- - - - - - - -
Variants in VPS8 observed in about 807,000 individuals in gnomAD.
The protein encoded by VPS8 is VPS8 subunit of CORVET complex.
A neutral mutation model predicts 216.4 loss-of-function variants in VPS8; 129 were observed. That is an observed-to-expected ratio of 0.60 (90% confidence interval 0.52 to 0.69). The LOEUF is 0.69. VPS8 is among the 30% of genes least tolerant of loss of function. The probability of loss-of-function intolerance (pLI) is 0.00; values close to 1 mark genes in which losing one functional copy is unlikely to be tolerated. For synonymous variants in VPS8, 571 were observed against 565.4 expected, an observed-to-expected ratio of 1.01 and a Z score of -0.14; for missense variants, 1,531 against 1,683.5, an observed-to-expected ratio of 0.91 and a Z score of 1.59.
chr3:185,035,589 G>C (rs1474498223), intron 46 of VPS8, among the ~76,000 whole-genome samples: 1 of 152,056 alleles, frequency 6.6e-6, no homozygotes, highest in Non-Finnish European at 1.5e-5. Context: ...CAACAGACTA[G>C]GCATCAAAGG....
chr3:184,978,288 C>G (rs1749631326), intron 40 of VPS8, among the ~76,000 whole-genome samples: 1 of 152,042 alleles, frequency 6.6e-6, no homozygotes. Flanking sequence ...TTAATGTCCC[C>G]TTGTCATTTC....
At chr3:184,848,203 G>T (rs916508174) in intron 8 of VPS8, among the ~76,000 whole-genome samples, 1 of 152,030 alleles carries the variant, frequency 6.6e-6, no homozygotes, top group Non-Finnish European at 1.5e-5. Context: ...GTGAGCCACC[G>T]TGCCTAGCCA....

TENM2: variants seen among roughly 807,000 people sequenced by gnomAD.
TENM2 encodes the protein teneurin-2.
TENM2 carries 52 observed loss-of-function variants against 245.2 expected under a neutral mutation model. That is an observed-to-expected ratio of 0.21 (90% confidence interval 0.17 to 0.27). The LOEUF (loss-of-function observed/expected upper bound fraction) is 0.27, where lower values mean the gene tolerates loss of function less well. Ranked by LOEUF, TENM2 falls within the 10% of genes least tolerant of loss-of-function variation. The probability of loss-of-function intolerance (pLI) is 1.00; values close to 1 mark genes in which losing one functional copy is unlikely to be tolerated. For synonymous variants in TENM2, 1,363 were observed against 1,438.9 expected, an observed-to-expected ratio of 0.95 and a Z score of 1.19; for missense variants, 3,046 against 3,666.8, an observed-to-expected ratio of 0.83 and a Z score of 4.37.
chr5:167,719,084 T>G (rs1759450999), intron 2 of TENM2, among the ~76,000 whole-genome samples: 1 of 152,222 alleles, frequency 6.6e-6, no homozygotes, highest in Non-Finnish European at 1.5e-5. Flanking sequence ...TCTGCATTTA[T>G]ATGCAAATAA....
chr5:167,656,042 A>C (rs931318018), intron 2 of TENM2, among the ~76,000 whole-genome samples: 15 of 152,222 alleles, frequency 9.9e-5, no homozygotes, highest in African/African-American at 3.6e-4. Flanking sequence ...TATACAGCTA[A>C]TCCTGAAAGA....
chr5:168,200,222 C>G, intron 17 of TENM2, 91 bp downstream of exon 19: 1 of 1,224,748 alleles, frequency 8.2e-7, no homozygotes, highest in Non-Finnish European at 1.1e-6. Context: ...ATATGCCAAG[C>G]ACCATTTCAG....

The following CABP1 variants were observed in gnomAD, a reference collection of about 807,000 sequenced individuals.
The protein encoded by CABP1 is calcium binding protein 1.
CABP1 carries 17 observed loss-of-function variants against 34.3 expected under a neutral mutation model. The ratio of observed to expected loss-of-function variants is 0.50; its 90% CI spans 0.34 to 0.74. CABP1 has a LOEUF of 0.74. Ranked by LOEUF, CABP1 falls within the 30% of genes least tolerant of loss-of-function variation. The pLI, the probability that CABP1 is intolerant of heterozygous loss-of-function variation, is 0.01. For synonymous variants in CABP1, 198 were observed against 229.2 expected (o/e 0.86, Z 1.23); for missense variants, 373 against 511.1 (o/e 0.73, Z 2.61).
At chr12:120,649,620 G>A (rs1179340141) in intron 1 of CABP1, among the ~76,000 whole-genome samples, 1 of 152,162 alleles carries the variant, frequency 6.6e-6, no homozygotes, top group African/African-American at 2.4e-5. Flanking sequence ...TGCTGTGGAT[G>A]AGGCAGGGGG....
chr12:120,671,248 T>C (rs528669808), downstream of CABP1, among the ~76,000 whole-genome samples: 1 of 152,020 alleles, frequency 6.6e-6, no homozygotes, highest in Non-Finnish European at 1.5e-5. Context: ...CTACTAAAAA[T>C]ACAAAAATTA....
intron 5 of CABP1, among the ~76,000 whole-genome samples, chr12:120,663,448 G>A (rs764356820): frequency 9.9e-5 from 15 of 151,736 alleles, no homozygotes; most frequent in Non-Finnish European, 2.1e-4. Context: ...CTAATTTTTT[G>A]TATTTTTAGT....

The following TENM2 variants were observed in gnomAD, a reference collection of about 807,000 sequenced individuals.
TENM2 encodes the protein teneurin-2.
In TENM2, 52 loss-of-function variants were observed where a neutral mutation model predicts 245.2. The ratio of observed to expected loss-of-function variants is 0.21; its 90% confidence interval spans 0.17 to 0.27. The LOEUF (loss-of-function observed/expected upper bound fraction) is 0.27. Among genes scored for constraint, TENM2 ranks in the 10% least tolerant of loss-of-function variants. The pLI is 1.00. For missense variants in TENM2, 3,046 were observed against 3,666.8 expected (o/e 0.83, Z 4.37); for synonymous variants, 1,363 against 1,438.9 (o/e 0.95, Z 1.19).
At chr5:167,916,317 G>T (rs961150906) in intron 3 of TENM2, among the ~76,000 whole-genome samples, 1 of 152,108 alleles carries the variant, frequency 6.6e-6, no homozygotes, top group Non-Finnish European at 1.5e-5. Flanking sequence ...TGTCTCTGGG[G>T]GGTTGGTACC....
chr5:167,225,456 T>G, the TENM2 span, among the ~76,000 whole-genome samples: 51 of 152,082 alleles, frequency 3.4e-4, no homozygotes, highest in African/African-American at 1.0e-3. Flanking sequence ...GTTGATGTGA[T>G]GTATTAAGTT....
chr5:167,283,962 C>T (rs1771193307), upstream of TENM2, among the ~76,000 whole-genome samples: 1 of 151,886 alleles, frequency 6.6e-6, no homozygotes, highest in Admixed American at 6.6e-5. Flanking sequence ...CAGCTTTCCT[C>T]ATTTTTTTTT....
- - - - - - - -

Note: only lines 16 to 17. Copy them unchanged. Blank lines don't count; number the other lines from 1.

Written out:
At chr12:120,649,620 G>A (rs1179340141) in intron 1 of CABP1, among the ~76,000 whole-genome samples, 1 of 152,162 alleles carries the variant, frequency 6.6e-6, no homozygotes, top group African/African-American at 2.4e-5. Flanking sequence ...TGCTGTGGAT[G>A]AGGCAGGGGG....
chr12:120,671,248 T>C (rs528669808), downstream of CABP1, among the ~76,000 whole-genome samples: 1 of 152,020 alleles, frequency 6.6e-6, no homozygotes, highest in Non-Finnish European at 1.5e-5. Context: ...CTACTAAAAA[T>C]ACAAAAATTA....